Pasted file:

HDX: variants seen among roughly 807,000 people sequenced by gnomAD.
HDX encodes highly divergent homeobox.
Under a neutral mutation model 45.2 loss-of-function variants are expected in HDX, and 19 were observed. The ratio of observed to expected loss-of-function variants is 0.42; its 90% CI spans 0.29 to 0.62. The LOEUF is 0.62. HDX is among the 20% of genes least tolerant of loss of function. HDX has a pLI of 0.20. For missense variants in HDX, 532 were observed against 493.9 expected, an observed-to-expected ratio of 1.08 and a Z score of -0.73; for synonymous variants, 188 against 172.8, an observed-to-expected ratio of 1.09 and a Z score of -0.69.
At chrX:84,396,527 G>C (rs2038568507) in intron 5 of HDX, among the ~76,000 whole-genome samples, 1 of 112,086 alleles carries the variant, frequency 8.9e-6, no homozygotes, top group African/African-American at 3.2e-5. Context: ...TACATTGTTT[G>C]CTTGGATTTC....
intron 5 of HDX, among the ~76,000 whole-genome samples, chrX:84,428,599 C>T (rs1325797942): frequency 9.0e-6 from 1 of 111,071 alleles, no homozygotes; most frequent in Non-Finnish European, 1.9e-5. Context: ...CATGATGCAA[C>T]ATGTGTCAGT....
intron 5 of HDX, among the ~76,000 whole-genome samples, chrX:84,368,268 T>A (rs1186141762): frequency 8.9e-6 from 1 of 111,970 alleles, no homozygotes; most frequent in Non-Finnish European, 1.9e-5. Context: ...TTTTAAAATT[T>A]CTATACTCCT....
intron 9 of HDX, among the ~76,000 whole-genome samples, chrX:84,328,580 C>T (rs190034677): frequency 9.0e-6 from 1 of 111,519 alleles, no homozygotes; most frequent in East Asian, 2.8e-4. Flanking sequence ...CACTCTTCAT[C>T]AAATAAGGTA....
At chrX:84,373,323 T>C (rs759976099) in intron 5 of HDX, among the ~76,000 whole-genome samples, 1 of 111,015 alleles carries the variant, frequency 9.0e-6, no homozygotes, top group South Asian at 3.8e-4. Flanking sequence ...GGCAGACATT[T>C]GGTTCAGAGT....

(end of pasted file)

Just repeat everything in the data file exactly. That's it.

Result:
HDX: variants seen among roughly 807,000 people sequenced by gnomAD.
HDX encodes highly divergent homeobox.
Under a neutral mutation model 45.2 loss-of-function variants are expected in HDX, and 19 were observed. The ratio of observed to expected loss-of-function variants is 0.42; its 90% CI spans 0.29 to 0.62. The LOEUF is 0.62. HDX is among the 20% of genes least tolerant of loss of function. HDX has a pLI of 0.20. For missense variants in HDX, 532 were observed against 493.9 expected, an observed-to-expected ratio of 1.08 and a Z score of -0.73; for synonymous variants, 188 against 172.8, an observed-to-expected ratio of 1.09 and a Z score of -0.69.
At chrX:84,396,527 G>C (rs2038568507) in intron 5 of HDX, among the ~76,000 whole-genome samples, 1 of 112,086 alleles carries the variant, frequency 8.9e-6, no homozygotes, top group African/African-American at 3.2e-5. Context: ...TACATTGTTT[G>C]CTTGGATTTC....
intron 5 of HDX, among the ~76,000 whole-genome samples, chrX:84,428,599 C>T (rs1325797942): frequency 9.0e-6 from 1 of 111,071 alleles, no homozygotes; most frequent in Non-Finnish European, 1.9e-5. Context: ...CATGATGCAA[C>T]ATGTGTCAGT....
intron 5 of HDX, among the ~76,000 whole-genome samples, chrX:84,368,268 T>A (rs1186141762): frequency 8.9e-6 from 1 of 111,970 alleles, no homozygotes; most frequent in Non-Finnish European, 1.9e-5. Context: ...TTTTAAAATT[T>A]CTATACTCCT....
intron 9 of HDX, among the ~76,000 whole-genome samples, chrX:84,328,580 C>T (rs190034677): frequency 9.0e-6 from 1 of 111,519 alleles, no homozygotes; most frequent in East Asian, 2.8e-4. Flanking sequence ...CACTCTTCAT[C>T]AAATAAGGTA....
At chrX:84,373,323 T>C (rs759976099) in intron 5 of HDX, among the ~76,000 whole-genome samples, 1 of 111,015 alleles carries the variant, frequency 9.0e-6, no homozygotes, top group South Asian at 3.8e-4. Flanking sequence ...GGCAGACATT[T>C]GGTTCAGAGT....